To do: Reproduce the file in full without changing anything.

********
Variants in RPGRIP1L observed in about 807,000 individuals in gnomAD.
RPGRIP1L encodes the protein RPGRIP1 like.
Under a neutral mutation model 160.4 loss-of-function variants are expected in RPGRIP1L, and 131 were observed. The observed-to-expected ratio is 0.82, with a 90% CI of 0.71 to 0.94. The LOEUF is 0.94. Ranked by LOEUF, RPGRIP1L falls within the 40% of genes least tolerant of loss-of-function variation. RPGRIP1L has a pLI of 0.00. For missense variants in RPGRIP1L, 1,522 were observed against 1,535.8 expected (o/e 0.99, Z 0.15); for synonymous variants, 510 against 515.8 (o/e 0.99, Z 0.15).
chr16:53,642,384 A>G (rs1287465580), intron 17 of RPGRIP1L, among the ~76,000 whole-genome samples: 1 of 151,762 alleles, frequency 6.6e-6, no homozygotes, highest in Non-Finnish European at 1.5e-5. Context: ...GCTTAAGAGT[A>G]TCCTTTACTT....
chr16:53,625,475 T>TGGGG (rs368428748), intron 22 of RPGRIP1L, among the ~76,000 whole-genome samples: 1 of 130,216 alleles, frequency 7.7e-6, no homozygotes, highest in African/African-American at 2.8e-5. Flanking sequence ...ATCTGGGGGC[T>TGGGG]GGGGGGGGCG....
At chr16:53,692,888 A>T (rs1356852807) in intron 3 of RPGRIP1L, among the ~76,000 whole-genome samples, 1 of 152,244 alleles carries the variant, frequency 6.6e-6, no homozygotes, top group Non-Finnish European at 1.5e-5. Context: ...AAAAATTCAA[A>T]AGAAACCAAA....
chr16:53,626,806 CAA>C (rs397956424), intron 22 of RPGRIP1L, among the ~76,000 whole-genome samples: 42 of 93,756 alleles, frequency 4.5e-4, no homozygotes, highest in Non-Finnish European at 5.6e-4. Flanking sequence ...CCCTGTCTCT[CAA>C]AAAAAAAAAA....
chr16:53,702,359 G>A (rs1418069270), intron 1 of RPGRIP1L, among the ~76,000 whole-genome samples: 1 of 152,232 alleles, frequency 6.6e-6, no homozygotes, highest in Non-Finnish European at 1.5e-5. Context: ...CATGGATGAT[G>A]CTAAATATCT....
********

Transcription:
Variants in RPGRIP1L observed in about 807,000 individuals in gnomAD.
RPGRIP1L encodes the protein RPGRIP1 like.
Under a neutral mutation model 160.4 loss-of-function variants are expected in RPGRIP1L, and 131 were observed. The observed-to-expected ratio is 0.82, with a 90% CI of 0.71 to 0.94. The LOEUF is 0.94. Ranked by LOEUF, RPGRIP1L falls within the 40% of genes least tolerant of loss-of-function variation. RPGRIP1L has a pLI of 0.00. For missense variants in RPGRIP1L, 1,522 were observed against 1,535.8 expected (o/e 0.99, Z 0.15); for synonymous variants, 510 against 515.8 (o/e 0.99, Z 0.15).
chr16:53,642,384 A>G (rs1287465580), intron 17 of RPGRIP1L, among the ~76,000 whole-genome samples: 1 of 151,762 alleles, frequency 6.6e-6, no homozygotes, highest in Non-Finnish European at 1.5e-5. Context: ...GCTTAAGAGT[A>G]TCCTTTACTT....
chr16:53,625,475 T>TGGGG (rs368428748), intron 22 of RPGRIP1L, among the ~76,000 whole-genome samples: 1 of 130,216 alleles, frequency 7.7e-6, no homozygotes, highest in African/African-American at 2.8e-5. Flanking sequence ...ATCTGGGGGC[T>TGGGG]GGGGGGGGCG....
At chr16:53,692,888 A>T (rs1356852807) in intron 3 of RPGRIP1L, among the ~76,000 whole-genome samples, 1 of 152,244 alleles carries the variant, frequency 6.6e-6, no homozygotes, top group Non-Finnish European at 1.5e-5. Context: ...AAAAATTCAA[A>T]AGAAACCAAA....
chr16:53,626,806 CAA>C (rs397956424), intron 22 of RPGRIP1L, among the ~76,000 whole-genome samples: 42 of 93,756 alleles, frequency 4.5e-4, no homozygotes, highest in Non-Finnish European at 5.6e-4. Flanking sequence ...CCCTGTCTCT[CAA>C]AAAAAAAAAA....
chr16:53,702,359 G>A (rs1418069270), intron 1 of RPGRIP1L, among the ~76,000 whole-genome samples: 1 of 152,232 alleles, frequency 6.6e-6, no homozygotes, highest in Non-Finnish European at 1.5e-5. Context: ...CATGGATGAT[G>A]CTAAATATCT....